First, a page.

(CNN) -- Twinkies. Fat slob. Gordita.
It didn't stop with the nicknames.
"Eat only half." "Stop eating so much."
For Claudia Garza, these taunts didn't come from schoolyard peers -- they came from her family.
Obese children are 65 percent more likely to be bullied than their peers of normal weight, according to a study published in Pediatrics this month. But teasing about weight is not confined to schools-- it can also occur within the home, according to childhood obesity experts.
Major public health efforts are under way to lower childhood obesity rates as one in three U.S. children and teenagers are estimated to be obese or overweight. First lady Michelle Obama is leading a campaign to reduce childhood obesity from nearly 20 percent to 5 percent by 2030.
Families often have good intentions to help their children, but some may end up inflicting psychological harm through misguided efforts to help children lose weight, experts said.
"If there's criticizing among family members, emphasis on dieting, putting people down, kids internalize that," said Mandy Perryman, program coordinator for counselor education at Lynchburg College in Lynchburg, Virginia.
A 2006 study published in Obesity found that 72 percent of nearly 2,500 overweight and obese women had been stigmatized by family members because of their weight.
Garza, an iReport contributor, started gaining weight at the age of 6. Stressed from learning to speak English and adjusting to a new community after moving to a suburb of Los Angeles, California, she found comfort in sweets -- Popsicles, cookies and ice cream.
"My mom would buy junk food, I would eat the entire thing in one sitting," Garza recalled. "It wouldn't last a week. I'd eat it the same day she'd buy it. I constantly ate."
By the time she was 10, she weighed 140 pounds and barely fit into her class desk -- her stomach rubbed against the table when she sat.
While arguing with her older brother, their childish disagreements turned into insults directed at her: "You're fat. You're always going to be fat."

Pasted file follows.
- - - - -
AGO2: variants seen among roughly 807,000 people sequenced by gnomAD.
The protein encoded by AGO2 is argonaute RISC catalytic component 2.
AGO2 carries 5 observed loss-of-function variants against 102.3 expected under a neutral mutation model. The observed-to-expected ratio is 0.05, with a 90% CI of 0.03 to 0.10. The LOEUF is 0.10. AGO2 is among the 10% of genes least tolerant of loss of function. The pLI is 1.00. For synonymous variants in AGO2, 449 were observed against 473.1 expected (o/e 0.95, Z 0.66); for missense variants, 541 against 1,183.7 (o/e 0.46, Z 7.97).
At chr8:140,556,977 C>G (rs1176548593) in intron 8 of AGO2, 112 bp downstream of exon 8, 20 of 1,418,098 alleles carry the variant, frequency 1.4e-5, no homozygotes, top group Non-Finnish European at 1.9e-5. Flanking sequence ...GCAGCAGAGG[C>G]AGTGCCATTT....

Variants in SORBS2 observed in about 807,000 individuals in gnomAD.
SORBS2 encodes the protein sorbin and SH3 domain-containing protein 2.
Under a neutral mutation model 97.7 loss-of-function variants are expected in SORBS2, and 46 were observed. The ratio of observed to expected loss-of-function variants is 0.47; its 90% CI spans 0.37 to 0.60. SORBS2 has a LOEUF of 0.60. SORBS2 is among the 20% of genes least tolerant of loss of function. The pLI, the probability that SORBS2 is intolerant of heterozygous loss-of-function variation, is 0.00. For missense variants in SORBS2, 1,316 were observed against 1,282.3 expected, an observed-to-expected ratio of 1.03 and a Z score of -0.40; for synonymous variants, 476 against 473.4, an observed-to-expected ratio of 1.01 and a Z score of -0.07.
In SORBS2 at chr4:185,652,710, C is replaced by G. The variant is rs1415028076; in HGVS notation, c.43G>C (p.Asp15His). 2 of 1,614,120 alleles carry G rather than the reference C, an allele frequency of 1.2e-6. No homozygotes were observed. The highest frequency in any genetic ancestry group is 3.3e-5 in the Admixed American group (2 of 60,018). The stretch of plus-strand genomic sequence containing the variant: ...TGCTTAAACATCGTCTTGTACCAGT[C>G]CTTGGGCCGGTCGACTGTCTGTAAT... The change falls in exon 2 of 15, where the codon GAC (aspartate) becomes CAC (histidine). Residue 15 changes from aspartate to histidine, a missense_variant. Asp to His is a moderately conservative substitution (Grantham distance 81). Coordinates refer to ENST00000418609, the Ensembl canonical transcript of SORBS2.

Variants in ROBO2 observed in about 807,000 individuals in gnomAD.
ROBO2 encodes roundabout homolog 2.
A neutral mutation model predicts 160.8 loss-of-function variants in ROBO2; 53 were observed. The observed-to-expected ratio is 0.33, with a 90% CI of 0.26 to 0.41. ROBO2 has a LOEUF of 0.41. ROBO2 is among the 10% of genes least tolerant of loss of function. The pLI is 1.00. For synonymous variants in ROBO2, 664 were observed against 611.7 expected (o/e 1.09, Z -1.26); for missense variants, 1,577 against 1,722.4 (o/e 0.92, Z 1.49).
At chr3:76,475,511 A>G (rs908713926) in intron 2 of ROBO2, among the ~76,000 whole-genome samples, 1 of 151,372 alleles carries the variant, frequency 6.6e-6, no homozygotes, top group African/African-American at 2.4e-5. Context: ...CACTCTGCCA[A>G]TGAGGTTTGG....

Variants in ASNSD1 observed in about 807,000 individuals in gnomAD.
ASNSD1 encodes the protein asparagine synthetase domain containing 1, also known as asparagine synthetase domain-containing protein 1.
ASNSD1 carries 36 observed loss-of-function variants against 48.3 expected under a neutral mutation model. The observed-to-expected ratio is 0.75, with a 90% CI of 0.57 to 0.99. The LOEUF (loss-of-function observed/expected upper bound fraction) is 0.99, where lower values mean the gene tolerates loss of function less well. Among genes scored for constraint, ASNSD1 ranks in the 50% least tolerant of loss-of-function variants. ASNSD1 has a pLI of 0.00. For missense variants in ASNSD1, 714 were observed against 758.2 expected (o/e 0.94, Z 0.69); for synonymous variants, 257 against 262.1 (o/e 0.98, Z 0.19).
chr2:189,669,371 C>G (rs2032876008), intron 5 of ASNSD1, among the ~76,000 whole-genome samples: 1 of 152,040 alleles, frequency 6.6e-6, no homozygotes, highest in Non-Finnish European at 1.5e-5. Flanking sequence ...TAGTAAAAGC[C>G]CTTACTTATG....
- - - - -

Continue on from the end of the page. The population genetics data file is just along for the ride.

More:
Everyone in her family, grandparents, uncles, cousins, called her "Gordita," Spanish for fatty.
It's common in Hispanic families to have endearing nicknames for each other, Garza said.
"It's supposed to be a loving thing," she said. "At that age, it didn't seem like it."
During dinnertime, her father would gesture at her from across the table, signaling her to only eat half of what was served. This happened at every family meal, giving her brother more verbal ammunition.
Victimization comes in many forms, said Rebecca Puhl, the director of Research and Weight Stigma Initiatives at the Rudd Center for Food Policy & Obesity at Yale University.
"We associate bullying with overt forms of teasing or aggression. It can occur in subtle ways, it can be just as damaging," she said.
Still hungry after dinner, Garza would binge on candy bars and sweets stashed in her bedroom. The junk food wasn't too hard to find.
"I think probably one of the biggest ironies was that even though my parents would say, 'Don't eat this or that,' they'd have [junk food] in the house," she said.
Depressed about the constant scolding about their weight, many children cope "by eating more food and binge eating," said Puhl, a research scientist. "What we need to recognize is stigma is a serious form of stress. For children who are overweight, it's a chronic stresser."
If parents want their children to lose weight, they need to model the behavior they want to see in their children, several obesity experts said.
"Parents are responsible for their emotional wellness," said Perryman, who researches family dynamics related to childhood obesity. "Kids aren't in charge of their own food intake, their sedentary behaviors. They can't sign themselves up for soccer."
The best way to help overweight kids is through family interventions -- eating healthier together and having outings to promote physical activity. There is a common misconception that if children are teased, that will motivate the individuals to lose weight.
"We see the opposite is true," Puhl said. "For both children and adults, they're more likely to engage in avoidance of physical activity."
Constantly admonished to lose weight, Garza said it destroyed her young self-esteem. She described herself as a "loner" at school, and other kids pointed and giggled at her.
But Garza, now 29, said being teased at home stung much more.
"Trying to scare kids into losing weight can do more harm than good," Perryman warned. "Kids develop depression, anxiety, eating disorders, body image disturbance."
Her family insisted they were doing this for her own good, but Garza believes it was destructive.
"After hearing it every single day, you start believing it -- that you are fat, you are ugly, you are a slob, you're not good enough," she said.
Garza resorted to starving herself and exercising strenuously until she lost 60 pounds in high school. Her weight fluctuated as she went through various crash diets, anorexia and drugs.
Five years ago, she stopped using drugs. Garza started reading self-help books and became involved in church. Part of it was also growing up and releasing her anger, she said.
Garza also exercises regularly as a way to relieve stress from long days at the office -- spending one hour lifting weights and another hour on cardio. She is now a certified spin instructor and wants to become a fitness model.
"I never thought I'd be where I am at," Garza said. "It's been such a long process. I've come to terms regardless of where my weight is. It's how you feel, not the number on a scale."
Although they hardly discuss it now, Garza said she's at peace with her family.
They meant well, she said.